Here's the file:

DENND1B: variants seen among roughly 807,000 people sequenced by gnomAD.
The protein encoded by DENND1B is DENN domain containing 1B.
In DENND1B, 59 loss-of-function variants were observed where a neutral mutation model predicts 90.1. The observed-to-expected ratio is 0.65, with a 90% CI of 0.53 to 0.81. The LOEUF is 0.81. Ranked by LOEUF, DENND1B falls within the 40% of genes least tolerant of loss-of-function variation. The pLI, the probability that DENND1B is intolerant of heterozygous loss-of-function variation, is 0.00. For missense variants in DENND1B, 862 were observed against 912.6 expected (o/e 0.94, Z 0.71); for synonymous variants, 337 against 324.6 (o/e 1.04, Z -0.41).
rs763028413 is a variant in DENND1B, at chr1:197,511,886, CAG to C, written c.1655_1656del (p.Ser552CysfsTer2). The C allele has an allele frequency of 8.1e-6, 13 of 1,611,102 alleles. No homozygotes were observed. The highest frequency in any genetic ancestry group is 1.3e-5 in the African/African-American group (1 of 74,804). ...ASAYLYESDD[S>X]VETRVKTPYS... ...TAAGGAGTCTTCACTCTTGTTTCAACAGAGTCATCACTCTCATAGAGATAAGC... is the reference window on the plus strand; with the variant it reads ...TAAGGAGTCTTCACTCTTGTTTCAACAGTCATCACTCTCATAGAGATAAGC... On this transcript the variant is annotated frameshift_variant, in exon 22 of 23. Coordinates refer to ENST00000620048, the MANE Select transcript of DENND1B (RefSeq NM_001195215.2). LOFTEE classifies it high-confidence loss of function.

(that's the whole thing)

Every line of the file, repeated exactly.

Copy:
DENND1B: variants seen among roughly 807,000 people sequenced by gnomAD.
The protein encoded by DENND1B is DENN domain containing 1B.
In DENND1B, 59 loss-of-function variants were observed where a neutral mutation model predicts 90.1. The observed-to-expected ratio is 0.65, with a 90% CI of 0.53 to 0.81. The LOEUF is 0.81. Ranked by LOEUF, DENND1B falls within the 40% of genes least tolerant of loss-of-function variation. The pLI, the probability that DENND1B is intolerant of heterozygous loss-of-function variation, is 0.00. For missense variants in DENND1B, 862 were observed against 912.6 expected (o/e 0.94, Z 0.71); for synonymous variants, 337 against 324.6 (o/e 1.04, Z -0.41).
rs763028413 is a variant in DENND1B, at chr1:197,511,886, CAG to C, written c.1655_1656del (p.Ser552CysfsTer2). The C allele has an allele frequency of 8.1e-6, 13 of 1,611,102 alleles. No homozygotes were observed. The highest frequency in any genetic ancestry group is 1.3e-5 in the African/African-American group (1 of 74,804). ...ASAYLYESDD[S>X]VETRVKTPYS... ...TAAGGAGTCTTCACTCTTGTTTCAACAGAGTCATCACTCTCATAGAGATAAGC... is the reference window on the plus strand; with the variant it reads ...TAAGGAGTCTTCACTCTTGTTTCAACAGTCATCACTCTCATAGAGATAAGC... On this transcript the variant is annotated frameshift_variant, in exon 22 of 23. Coordinates refer to ENST00000620048, the MANE Select transcript of DENND1B (RefSeq NM_001195215.2). LOFTEE classifies it high-confidence loss of function.